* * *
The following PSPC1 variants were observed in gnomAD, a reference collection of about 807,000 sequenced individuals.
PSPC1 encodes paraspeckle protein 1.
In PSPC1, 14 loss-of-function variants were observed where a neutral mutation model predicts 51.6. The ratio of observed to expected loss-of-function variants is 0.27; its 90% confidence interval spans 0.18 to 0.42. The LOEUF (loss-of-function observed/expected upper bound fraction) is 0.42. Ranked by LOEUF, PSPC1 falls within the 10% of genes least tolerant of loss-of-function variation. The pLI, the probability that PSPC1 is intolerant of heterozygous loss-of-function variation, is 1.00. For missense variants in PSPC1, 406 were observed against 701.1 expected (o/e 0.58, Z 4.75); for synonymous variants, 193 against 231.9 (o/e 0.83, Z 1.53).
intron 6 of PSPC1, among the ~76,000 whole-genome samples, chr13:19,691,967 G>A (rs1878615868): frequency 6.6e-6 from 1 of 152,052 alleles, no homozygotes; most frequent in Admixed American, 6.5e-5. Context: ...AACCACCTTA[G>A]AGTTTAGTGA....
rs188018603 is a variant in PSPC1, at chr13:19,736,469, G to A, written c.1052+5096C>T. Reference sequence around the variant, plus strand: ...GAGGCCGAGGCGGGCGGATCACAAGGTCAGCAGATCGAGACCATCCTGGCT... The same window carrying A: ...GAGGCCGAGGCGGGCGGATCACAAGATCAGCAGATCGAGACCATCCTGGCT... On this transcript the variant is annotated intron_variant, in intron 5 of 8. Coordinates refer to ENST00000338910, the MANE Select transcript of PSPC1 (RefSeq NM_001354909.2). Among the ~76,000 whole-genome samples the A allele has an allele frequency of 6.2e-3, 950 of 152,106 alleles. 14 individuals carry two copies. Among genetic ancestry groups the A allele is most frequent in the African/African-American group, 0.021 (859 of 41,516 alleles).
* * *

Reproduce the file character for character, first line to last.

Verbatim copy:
The following PSPC1 variants were observed in gnomAD, a reference collection of about 807,000 sequenced individuals.
PSPC1 encodes paraspeckle protein 1.
In PSPC1, 14 loss-of-function variants were observed where a neutral mutation model predicts 51.6. The ratio of observed to expected loss-of-function variants is 0.27; its 90% confidence interval spans 0.18 to 0.42. The LOEUF (loss-of-function observed/expected upper bound fraction) is 0.42. Ranked by LOEUF, PSPC1 falls within the 10% of genes least tolerant of loss-of-function variation. The pLI, the probability that PSPC1 is intolerant of heterozygous loss-of-function variation, is 1.00. For missense variants in PSPC1, 406 were observed against 701.1 expected (o/e 0.58, Z 4.75); for synonymous variants, 193 against 231.9 (o/e 0.83, Z 1.53).
intron 6 of PSPC1, among the ~76,000 whole-genome samples, chr13:19,691,967 G>A (rs1878615868): frequency 6.6e-6 from 1 of 152,052 alleles, no homozygotes; most frequent in Admixed American, 6.5e-5. Context: ...AACCACCTTA[G>A]AGTTTAGTGA....
rs188018603 is a variant in PSPC1, at chr13:19,736,469, G to A, written c.1052+5096C>T. Reference sequence around the variant, plus strand: ...GAGGCCGAGGCGGGCGGATCACAAGGTCAGCAGATCGAGACCATCCTGGCT... The same window carrying A: ...GAGGCCGAGGCGGGCGGATCACAAGATCAGCAGATCGAGACCATCCTGGCT... On this transcript the variant is annotated intron_variant, in intron 5 of 8. Coordinates refer to ENST00000338910, the MANE Select transcript of PSPC1 (RefSeq NM_001354909.2). Among the ~76,000 whole-genome samples the A allele has an allele frequency of 6.2e-3, 950 of 152,106 alleles. 14 individuals carry two copies. Among genetic ancestry groups the A allele is most frequent in the African/African-American group, 0.021 (859 of 41,516 alleles).